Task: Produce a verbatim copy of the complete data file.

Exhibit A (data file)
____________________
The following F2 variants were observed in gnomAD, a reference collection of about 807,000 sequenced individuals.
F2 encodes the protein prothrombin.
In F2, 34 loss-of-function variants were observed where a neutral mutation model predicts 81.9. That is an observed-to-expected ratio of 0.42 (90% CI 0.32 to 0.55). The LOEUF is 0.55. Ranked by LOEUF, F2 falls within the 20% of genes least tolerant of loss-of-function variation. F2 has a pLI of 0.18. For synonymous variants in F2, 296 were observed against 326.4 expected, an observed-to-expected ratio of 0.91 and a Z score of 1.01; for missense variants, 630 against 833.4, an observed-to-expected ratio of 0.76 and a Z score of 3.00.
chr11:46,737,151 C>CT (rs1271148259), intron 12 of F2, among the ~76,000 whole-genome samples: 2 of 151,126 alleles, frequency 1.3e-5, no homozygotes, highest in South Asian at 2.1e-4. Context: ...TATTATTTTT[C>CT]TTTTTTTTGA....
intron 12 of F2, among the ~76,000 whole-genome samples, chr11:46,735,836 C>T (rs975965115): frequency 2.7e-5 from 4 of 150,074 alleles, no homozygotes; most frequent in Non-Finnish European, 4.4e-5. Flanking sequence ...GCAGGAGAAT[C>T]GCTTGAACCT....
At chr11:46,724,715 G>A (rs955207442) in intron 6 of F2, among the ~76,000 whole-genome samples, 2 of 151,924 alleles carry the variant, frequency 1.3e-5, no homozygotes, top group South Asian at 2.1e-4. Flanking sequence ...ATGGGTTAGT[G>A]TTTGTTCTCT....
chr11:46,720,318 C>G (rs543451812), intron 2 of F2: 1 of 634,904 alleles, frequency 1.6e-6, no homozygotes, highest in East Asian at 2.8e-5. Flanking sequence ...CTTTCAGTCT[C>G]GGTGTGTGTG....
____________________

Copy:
The following F2 variants were observed in gnomAD, a reference collection of about 807,000 sequenced individuals.
F2 encodes the protein prothrombin.
In F2, 34 loss-of-function variants were observed where a neutral mutation model predicts 81.9. That is an observed-to-expected ratio of 0.42 (90% CI 0.32 to 0.55). The LOEUF is 0.55. Ranked by LOEUF, F2 falls within the 20% of genes least tolerant of loss-of-function variation. F2 has a pLI of 0.18. For synonymous variants in F2, 296 were observed against 326.4 expected, an observed-to-expected ratio of 0.91 and a Z score of 1.01; for missense variants, 630 against 833.4, an observed-to-expected ratio of 0.76 and a Z score of 3.00.
chr11:46,737,151 C>CT (rs1271148259), intron 12 of F2, among the ~76,000 whole-genome samples: 2 of 151,126 alleles, frequency 1.3e-5, no homozygotes, highest in South Asian at 2.1e-4. Context: ...TATTATTTTT[C>CT]TTTTTTTTGA....
intron 12 of F2, among the ~76,000 whole-genome samples, chr11:46,735,836 C>T (rs975965115): frequency 2.7e-5 from 4 of 150,074 alleles, no homozygotes; most frequent in Non-Finnish European, 4.4e-5. Flanking sequence ...GCAGGAGAAT[C>T]GCTTGAACCT....
At chr11:46,724,715 G>A (rs955207442) in intron 6 of F2, among the ~76,000 whole-genome samples, 2 of 151,924 alleles carry the variant, frequency 1.3e-5, no homozygotes, top group South Asian at 2.1e-4. Flanking sequence ...ATGGGTTAGT[G>A]TTTGTTCTCT....
chr11:46,720,318 C>G (rs543451812), intron 2 of F2: 1 of 634,904 alleles, frequency 1.6e-6, no homozygotes, highest in East Asian at 2.8e-5. Flanking sequence ...CTTTCAGTCT[C>G]GGTGTGTGTG....